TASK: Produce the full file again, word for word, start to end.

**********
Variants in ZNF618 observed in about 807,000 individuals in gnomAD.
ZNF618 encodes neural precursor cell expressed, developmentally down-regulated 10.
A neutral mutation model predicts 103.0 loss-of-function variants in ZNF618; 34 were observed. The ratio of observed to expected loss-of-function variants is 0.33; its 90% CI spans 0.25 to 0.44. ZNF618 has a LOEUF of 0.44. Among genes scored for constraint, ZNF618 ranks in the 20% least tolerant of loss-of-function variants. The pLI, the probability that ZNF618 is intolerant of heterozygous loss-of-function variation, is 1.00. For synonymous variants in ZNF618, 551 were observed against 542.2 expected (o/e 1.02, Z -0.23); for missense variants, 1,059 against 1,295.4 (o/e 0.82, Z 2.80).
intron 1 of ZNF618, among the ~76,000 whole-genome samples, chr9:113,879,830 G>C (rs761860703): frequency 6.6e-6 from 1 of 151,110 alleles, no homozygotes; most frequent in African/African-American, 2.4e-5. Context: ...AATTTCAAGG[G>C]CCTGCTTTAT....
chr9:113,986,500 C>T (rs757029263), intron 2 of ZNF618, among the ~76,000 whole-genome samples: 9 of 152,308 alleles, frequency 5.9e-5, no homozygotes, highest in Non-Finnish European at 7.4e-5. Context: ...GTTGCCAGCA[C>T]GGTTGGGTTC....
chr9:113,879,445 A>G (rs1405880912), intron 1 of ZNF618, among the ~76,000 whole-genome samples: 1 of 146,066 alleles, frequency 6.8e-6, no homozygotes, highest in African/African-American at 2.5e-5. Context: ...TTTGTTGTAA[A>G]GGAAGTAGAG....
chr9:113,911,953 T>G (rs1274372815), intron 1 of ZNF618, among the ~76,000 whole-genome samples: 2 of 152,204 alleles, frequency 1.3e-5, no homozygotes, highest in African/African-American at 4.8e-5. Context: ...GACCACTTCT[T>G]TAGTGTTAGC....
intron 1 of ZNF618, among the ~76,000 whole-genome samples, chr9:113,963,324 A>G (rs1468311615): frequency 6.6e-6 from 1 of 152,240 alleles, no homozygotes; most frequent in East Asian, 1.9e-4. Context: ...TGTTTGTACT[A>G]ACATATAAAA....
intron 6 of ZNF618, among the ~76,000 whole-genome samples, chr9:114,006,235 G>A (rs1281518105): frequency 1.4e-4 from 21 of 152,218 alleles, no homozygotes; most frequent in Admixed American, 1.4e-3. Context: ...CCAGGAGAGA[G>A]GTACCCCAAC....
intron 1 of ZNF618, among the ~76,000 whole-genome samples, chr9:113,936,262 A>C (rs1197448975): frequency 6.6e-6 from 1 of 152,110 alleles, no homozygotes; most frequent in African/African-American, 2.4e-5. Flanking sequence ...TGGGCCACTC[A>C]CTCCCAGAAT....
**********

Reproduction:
Variants in ZNF618 observed in about 807,000 individuals in gnomAD.
ZNF618 encodes neural precursor cell expressed, developmentally down-regulated 10.
A neutral mutation model predicts 103.0 loss-of-function variants in ZNF618; 34 were observed. The ratio of observed to expected loss-of-function variants is 0.33; its 90% CI spans 0.25 to 0.44. ZNF618 has a LOEUF of 0.44. Among genes scored for constraint, ZNF618 ranks in the 20% least tolerant of loss-of-function variants. The pLI, the probability that ZNF618 is intolerant of heterozygous loss-of-function variation, is 1.00. For synonymous variants in ZNF618, 551 were observed against 542.2 expected (o/e 1.02, Z -0.23); for missense variants, 1,059 against 1,295.4 (o/e 0.82, Z 2.80).
intron 1 of ZNF618, among the ~76,000 whole-genome samples, chr9:113,879,830 G>C (rs761860703): frequency 6.6e-6 from 1 of 151,110 alleles, no homozygotes; most frequent in African/African-American, 2.4e-5. Context: ...AATTTCAAGG[G>C]CCTGCTTTAT....
chr9:113,986,500 C>T (rs757029263), intron 2 of ZNF618, among the ~76,000 whole-genome samples: 9 of 152,308 alleles, frequency 5.9e-5, no homozygotes, highest in Non-Finnish European at 7.4e-5. Context: ...GTTGCCAGCA[C>T]GGTTGGGTTC....
chr9:113,879,445 A>G (rs1405880912), intron 1 of ZNF618, among the ~76,000 whole-genome samples: 1 of 146,066 alleles, frequency 6.8e-6, no homozygotes, highest in African/African-American at 2.5e-5. Context: ...TTTGTTGTAA[A>G]GGAAGTAGAG....
chr9:113,911,953 T>G (rs1274372815), intron 1 of ZNF618, among the ~76,000 whole-genome samples: 2 of 152,204 alleles, frequency 1.3e-5, no homozygotes, highest in African/African-American at 4.8e-5. Context: ...GACCACTTCT[T>G]TAGTGTTAGC....
intron 1 of ZNF618, among the ~76,000 whole-genome samples, chr9:113,963,324 A>G (rs1468311615): frequency 6.6e-6 from 1 of 152,240 alleles, no homozygotes; most frequent in East Asian, 1.9e-4. Context: ...TGTTTGTACT[A>G]ACATATAAAA....
intron 6 of ZNF618, among the ~76,000 whole-genome samples, chr9:114,006,235 G>A (rs1281518105): frequency 1.4e-4 from 21 of 152,218 alleles, no homozygotes; most frequent in Admixed American, 1.4e-3. Context: ...CCAGGAGAGA[G>A]GTACCCCAAC....
intron 1 of ZNF618, among the ~76,000 whole-genome samples, chr9:113,936,262 A>C (rs1197448975): frequency 6.6e-6 from 1 of 152,110 alleles, no homozygotes; most frequent in African/African-American, 2.4e-5. Flanking sequence ...TGGGCCACTC[A>C]CTCCCAGAAT....